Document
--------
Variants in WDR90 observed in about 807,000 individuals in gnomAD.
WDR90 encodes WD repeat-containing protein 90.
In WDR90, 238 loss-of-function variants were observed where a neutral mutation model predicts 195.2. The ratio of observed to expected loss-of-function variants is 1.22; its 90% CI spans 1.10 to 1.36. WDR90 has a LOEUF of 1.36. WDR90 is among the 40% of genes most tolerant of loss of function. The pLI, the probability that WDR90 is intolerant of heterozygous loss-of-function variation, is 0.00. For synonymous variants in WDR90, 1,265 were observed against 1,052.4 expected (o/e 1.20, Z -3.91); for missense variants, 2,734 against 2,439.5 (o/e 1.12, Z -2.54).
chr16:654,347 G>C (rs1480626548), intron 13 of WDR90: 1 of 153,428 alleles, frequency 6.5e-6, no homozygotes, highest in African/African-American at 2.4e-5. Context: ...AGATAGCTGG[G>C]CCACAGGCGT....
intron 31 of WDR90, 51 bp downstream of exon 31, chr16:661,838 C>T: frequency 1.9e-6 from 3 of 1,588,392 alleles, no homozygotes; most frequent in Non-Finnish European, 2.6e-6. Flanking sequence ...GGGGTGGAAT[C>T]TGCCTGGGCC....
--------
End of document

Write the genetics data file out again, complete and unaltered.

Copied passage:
Variants in WDR90 observed in about 807,000 individuals in gnomAD.
WDR90 encodes WD repeat-containing protein 90.
In WDR90, 238 loss-of-function variants were observed where a neutral mutation model predicts 195.2. The ratio of observed to expected loss-of-function variants is 1.22; its 90% CI spans 1.10 to 1.36. WDR90 has a LOEUF of 1.36. WDR90 is among the 40% of genes most tolerant of loss of function. The pLI, the probability that WDR90 is intolerant of heterozygous loss-of-function variation, is 0.00. For synonymous variants in WDR90, 1,265 were observed against 1,052.4 expected (o/e 1.20, Z -3.91); for missense variants, 2,734 against 2,439.5 (o/e 1.12, Z -2.54).
chr16:654,347 G>C (rs1480626548), intron 13 of WDR90: 1 of 153,428 alleles, frequency 6.5e-6, no homozygotes, highest in African/African-American at 2.4e-5. Context: ...AGATAGCTGG[G>C]CCACAGGCGT....
intron 31 of WDR90, 51 bp downstream of exon 31, chr16:661,838 C>T: frequency 1.9e-6 from 3 of 1,588,392 alleles, no homozygotes; most frequent in Non-Finnish European, 2.6e-6. Flanking sequence ...GGGGTGGAAT[C>T]TGCCTGGGCC....